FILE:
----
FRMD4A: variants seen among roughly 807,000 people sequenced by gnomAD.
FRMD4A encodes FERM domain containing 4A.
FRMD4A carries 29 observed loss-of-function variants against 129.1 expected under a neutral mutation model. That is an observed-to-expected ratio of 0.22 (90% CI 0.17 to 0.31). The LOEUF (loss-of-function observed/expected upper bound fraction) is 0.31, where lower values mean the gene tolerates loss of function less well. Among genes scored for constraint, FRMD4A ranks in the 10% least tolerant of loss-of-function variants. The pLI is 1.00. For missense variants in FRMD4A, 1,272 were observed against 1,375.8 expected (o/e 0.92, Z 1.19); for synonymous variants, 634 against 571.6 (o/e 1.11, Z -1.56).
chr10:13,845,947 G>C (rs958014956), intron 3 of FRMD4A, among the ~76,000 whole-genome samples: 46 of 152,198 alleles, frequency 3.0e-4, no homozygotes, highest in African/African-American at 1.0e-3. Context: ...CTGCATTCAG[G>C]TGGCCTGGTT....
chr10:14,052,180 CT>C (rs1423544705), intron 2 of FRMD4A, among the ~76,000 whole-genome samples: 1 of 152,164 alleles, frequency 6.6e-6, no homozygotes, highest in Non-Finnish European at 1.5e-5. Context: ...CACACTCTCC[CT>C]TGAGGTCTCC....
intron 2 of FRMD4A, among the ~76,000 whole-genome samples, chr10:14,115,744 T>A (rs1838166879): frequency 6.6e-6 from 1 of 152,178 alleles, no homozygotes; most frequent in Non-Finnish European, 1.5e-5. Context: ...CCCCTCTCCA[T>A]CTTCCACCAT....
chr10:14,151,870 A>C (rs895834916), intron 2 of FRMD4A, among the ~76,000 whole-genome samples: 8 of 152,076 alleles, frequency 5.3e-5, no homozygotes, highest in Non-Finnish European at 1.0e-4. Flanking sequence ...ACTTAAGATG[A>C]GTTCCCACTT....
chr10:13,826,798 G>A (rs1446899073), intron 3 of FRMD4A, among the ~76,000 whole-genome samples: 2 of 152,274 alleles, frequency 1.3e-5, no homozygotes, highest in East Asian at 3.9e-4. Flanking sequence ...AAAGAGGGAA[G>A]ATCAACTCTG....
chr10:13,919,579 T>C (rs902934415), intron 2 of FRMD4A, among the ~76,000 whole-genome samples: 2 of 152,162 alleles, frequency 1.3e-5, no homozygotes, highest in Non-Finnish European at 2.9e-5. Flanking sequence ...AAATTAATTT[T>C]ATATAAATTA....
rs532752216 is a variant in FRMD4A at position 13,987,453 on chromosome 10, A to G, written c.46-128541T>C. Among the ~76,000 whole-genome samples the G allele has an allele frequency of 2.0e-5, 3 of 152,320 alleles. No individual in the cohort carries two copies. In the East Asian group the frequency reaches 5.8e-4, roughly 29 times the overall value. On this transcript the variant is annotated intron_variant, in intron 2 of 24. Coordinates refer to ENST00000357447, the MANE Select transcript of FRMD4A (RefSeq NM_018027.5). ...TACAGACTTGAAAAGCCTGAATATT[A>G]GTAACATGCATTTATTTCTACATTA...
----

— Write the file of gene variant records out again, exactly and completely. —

FRMD4A: variants seen among roughly 807,000 people sequenced by gnomAD.
FRMD4A encodes FERM domain containing 4A.
FRMD4A carries 29 observed loss-of-function variants against 129.1 expected under a neutral mutation model. That is an observed-to-expected ratio of 0.22 (90% CI 0.17 to 0.31). The LOEUF (loss-of-function observed/expected upper bound fraction) is 0.31, where lower values mean the gene tolerates loss of function less well. Among genes scored for constraint, FRMD4A ranks in the 10% least tolerant of loss-of-function variants. The pLI is 1.00. For missense variants in FRMD4A, 1,272 were observed against 1,375.8 expected (o/e 0.92, Z 1.19); for synonymous variants, 634 against 571.6 (o/e 1.11, Z -1.56).
chr10:13,845,947 G>C (rs958014956), intron 3 of FRMD4A, among the ~76,000 whole-genome samples: 46 of 152,198 alleles, frequency 3.0e-4, no homozygotes, highest in African/African-American at 1.0e-3. Context: ...CTGCATTCAG[G>C]TGGCCTGGTT....
chr10:14,052,180 CT>C (rs1423544705), intron 2 of FRMD4A, among the ~76,000 whole-genome samples: 1 of 152,164 alleles, frequency 6.6e-6, no homozygotes, highest in Non-Finnish European at 1.5e-5. Context: ...CACACTCTCC[CT>C]TGAGGTCTCC....
intron 2 of FRMD4A, among the ~76,000 whole-genome samples, chr10:14,115,744 T>A (rs1838166879): frequency 6.6e-6 from 1 of 152,178 alleles, no homozygotes; most frequent in Non-Finnish European, 1.5e-5. Context: ...CCCCTCTCCA[T>A]CTTCCACCAT....
chr10:14,151,870 A>C (rs895834916), intron 2 of FRMD4A, among the ~76,000 whole-genome samples: 8 of 152,076 alleles, frequency 5.3e-5, no homozygotes, highest in Non-Finnish European at 1.0e-4. Flanking sequence ...ACTTAAGATG[A>C]GTTCCCACTT....
chr10:13,826,798 G>A (rs1446899073), intron 3 of FRMD4A, among the ~76,000 whole-genome samples: 2 of 152,274 alleles, frequency 1.3e-5, no homozygotes, highest in East Asian at 3.9e-4. Flanking sequence ...AAAGAGGGAA[G>A]ATCAACTCTG....
chr10:13,919,579 T>C (rs902934415), intron 2 of FRMD4A, among the ~76,000 whole-genome samples: 2 of 152,162 alleles, frequency 1.3e-5, no homozygotes, highest in Non-Finnish European at 2.9e-5. Flanking sequence ...AAATTAATTT[T>C]ATATAAATTA....
rs532752216 is a variant in FRMD4A at position 13,987,453 on chromosome 10, A to G, written c.46-128541T>C. Among the ~76,000 whole-genome samples the G allele has an allele frequency of 2.0e-5, 3 of 152,320 alleles. No individual in the cohort carries two copies. In the East Asian group the frequency reaches 5.8e-4, roughly 29 times the overall value. On this transcript the variant is annotated intron_variant, in intron 2 of 24. Coordinates refer to ENST00000357447, the MANE Select transcript of FRMD4A (RefSeq NM_018027.5). ...TACAGACTTGAAAAGCCTGAATATT[A>G]GTAACATGCATTTATTTCTACATTA...